Her father looked over the rowdy dinner table, filled with his eleven children and shrieking wife. "I understand. You need to leave home, get away. I thought seminary would settle you, but you seem more restless than ever."
"I just want to do something." Esther leaned in, face shining. "All the things I studied, all the knowledge I gained, I want to use it."
He shook his head. "You should've been a man. Then at least I could set you up in a parish."
"I don't want to settle here. I want to adventure."
"Well, until then, no more climbing trees. You give your mother a scare." Her father pushed away from the table and stood with a sigh.
Esther rose with him. "Let me help you to your study, Papa."
"No, no." He waved her away. "I have some important business to go over. And under no circumstances are you to come in and snoop among my papers. Don't think I don't know that you snuck in to read about the Abolitionists when I was gone." His finger waggled in her face, but there was a twinkle in his eye.
The moon hung bright and shining in the sky when the tree next to the Richardson's house started shaking softy.
Esther wriggled out onto a branch to a half open window. Grunting, she got it open and dropped into her father's study, right behind his big desk. There was still some oil in the lamp, and she lit it quickly, glancing around her favorite room in the house. Tonight, the books held no interest for her.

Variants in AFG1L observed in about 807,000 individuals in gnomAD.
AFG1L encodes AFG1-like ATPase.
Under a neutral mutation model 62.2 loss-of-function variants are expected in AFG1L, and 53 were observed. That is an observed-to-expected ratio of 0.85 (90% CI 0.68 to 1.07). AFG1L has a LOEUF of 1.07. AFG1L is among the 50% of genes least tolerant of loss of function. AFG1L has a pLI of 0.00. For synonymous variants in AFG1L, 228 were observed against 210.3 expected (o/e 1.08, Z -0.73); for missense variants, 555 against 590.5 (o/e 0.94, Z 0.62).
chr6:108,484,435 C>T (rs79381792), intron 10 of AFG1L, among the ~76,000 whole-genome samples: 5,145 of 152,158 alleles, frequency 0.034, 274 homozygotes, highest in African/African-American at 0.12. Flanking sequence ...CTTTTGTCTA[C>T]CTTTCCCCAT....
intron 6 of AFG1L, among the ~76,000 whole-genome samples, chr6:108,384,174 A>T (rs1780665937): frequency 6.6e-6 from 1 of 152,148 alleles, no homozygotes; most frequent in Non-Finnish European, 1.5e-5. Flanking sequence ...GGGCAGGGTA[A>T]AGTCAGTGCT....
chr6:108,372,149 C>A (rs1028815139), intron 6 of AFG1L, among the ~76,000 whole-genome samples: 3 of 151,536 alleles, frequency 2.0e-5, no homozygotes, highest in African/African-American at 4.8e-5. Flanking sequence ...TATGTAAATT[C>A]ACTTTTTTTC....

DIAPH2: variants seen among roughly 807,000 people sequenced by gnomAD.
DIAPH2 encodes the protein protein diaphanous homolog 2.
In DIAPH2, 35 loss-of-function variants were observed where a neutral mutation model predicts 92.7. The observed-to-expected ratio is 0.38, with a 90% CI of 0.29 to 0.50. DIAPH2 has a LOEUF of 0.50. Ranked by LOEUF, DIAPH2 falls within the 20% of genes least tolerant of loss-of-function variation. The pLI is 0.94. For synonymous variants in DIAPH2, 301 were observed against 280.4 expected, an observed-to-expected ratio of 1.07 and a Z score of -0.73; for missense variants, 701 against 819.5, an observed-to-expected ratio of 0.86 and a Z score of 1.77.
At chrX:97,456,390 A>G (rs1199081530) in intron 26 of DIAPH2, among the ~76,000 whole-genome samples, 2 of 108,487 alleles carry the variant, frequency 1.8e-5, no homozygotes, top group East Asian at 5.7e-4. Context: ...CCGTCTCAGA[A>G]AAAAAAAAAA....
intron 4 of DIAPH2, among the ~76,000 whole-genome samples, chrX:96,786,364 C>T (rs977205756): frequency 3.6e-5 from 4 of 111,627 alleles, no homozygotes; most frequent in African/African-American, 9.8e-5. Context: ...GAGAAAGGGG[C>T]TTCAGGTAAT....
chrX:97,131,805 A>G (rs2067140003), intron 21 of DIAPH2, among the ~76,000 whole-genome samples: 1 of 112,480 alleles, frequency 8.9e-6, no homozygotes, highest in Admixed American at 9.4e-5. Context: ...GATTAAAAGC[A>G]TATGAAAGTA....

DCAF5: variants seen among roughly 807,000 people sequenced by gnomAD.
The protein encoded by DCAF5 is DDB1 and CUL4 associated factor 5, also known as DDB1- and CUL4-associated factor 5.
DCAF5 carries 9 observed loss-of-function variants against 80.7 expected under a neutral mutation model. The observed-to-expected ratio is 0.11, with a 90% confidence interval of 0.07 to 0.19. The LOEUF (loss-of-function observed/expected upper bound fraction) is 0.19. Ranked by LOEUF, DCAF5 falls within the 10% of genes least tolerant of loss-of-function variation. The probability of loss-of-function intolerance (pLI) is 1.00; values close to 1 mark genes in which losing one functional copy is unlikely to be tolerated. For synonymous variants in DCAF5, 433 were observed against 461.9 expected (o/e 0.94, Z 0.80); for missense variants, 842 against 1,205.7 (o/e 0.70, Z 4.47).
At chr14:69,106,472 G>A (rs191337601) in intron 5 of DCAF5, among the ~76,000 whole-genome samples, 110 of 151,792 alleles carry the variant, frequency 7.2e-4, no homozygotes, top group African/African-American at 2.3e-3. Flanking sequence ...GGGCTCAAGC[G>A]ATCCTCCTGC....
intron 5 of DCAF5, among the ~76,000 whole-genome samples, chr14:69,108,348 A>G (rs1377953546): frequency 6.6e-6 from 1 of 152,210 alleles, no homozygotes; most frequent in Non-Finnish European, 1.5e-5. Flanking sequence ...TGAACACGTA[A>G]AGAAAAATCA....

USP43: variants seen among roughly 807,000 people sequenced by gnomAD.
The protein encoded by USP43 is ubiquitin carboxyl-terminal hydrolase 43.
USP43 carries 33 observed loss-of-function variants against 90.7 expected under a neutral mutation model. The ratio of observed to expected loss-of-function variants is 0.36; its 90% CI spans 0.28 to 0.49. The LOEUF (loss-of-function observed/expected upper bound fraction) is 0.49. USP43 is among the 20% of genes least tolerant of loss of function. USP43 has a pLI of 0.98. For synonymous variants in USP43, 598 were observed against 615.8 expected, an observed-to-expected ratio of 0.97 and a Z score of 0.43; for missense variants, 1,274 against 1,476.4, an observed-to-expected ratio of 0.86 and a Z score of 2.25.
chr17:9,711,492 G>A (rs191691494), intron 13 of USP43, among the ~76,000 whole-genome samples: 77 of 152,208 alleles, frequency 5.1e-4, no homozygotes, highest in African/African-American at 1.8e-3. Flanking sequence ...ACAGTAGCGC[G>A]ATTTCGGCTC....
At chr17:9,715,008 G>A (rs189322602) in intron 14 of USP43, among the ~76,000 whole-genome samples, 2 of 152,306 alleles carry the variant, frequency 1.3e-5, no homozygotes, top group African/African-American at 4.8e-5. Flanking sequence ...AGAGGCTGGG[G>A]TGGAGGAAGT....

Sifting through her father's papers, Esther found three newspapers, as new as last week, and set them aside. As she did, a letter fluttered to the floor. Picking it up, she read the solicitation from the American Mission Board to her father for funds, and had an idea.
It took the rest of the night, but by dawn she had a perfectly penned letter to the Board, introducing herself as a single woman of Baldwin, Maine, and offering to carry their cause West.
"I cannot send money," she wrote, "but I am a pious woman, hardworking and true, who wishes to do God's work. Please consider sending me to preach the good news to the people of the frontier."
She mailed the letter, and when fall turned to winter and winter into spring without a response, she forgot about it.
Which is why, when one late afternoon she was dressing for dinner, she looked up in surprise at the sound of horses. Two men rode into the yard, one familiar and white-haired, and the other a stranger�young and very, very tall.
She recognized one as the local doctor and turned to her next youngest sister. "Mattie? Are any of the others ill?"
"No," her younger sister answered, hustling to the window. "Why would old Dr. Whitney be coming today?"
"He must want to meet with Father." Esther scrambled to take off her work frock and replace it with a new one, a rich purple that she wore only to church.
"What is it, Mattie?" The blonde stood in front of the mirror, fixing her hair.
"Who's the other rider? The tall man?" Mattie stayed peering out of the window.
"Perhaps his apprentice?"
"He doesn't look like an apprentice."
Tripping over her skirts, Esther flew back to the window in time to catch a glimpse of the tall man with brown hair and dark brows. The stranger was younger than his fellow rider, but probably around thirty. He wore a dark jacket and suit that Esther could tell was very fine�the latest fashion according to the newspapers from Boston.
"But so tall. He may not fit in the door," Esther murmured, and left Mattie craning to see if this was so, while Esther went back to the mirror to finish putting in her hair pins.
"Esther?" Her mother called up the stairs, just as young William arrived at the top of them, breathless.
"You're wanted in the parlor," he told his older sister.